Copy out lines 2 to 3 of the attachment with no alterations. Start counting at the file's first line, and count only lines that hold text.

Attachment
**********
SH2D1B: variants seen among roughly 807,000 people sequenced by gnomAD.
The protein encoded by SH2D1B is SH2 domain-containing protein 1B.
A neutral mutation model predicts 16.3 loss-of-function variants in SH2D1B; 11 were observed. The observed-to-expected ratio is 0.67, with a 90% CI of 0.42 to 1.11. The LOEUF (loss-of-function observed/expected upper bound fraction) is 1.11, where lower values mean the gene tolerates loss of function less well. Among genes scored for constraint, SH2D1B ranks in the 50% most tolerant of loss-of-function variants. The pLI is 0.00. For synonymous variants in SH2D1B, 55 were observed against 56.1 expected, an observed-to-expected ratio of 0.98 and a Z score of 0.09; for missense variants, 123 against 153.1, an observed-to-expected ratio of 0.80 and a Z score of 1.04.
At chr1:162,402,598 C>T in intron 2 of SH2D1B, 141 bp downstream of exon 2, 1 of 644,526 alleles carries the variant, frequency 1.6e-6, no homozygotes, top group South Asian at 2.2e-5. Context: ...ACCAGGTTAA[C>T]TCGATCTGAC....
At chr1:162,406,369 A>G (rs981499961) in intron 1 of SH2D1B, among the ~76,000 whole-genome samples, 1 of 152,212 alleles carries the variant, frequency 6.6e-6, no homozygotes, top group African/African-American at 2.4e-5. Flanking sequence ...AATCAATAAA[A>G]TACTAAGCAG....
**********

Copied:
The protein encoded by SH2D1B is SH2 domain-containing protein 1B.
A neutral mutation model predicts 16.3 loss-of-function variants in SH2D1B; 11 were observed. The observed-to-expected ratio is 0.67, with a 90% CI of 0.42 to 1.11. The LOEUF (loss-of-function observed/expected upper bound fraction) is 1.11, where lower values mean the gene tolerates loss of function less well. Among genes scored for constraint, SH2D1B ranks in the 50% most tolerant of loss-of-function variants. The pLI is 0.00. For synonymous variants in SH2D1B, 55 were observed against 56.1 expected, an observed-to-expected ratio of 0.98 and a Z score of 0.09; for missense variants, 123 against 153.1, an observed-to-expected ratio of 0.80 and a Z score of 1.04.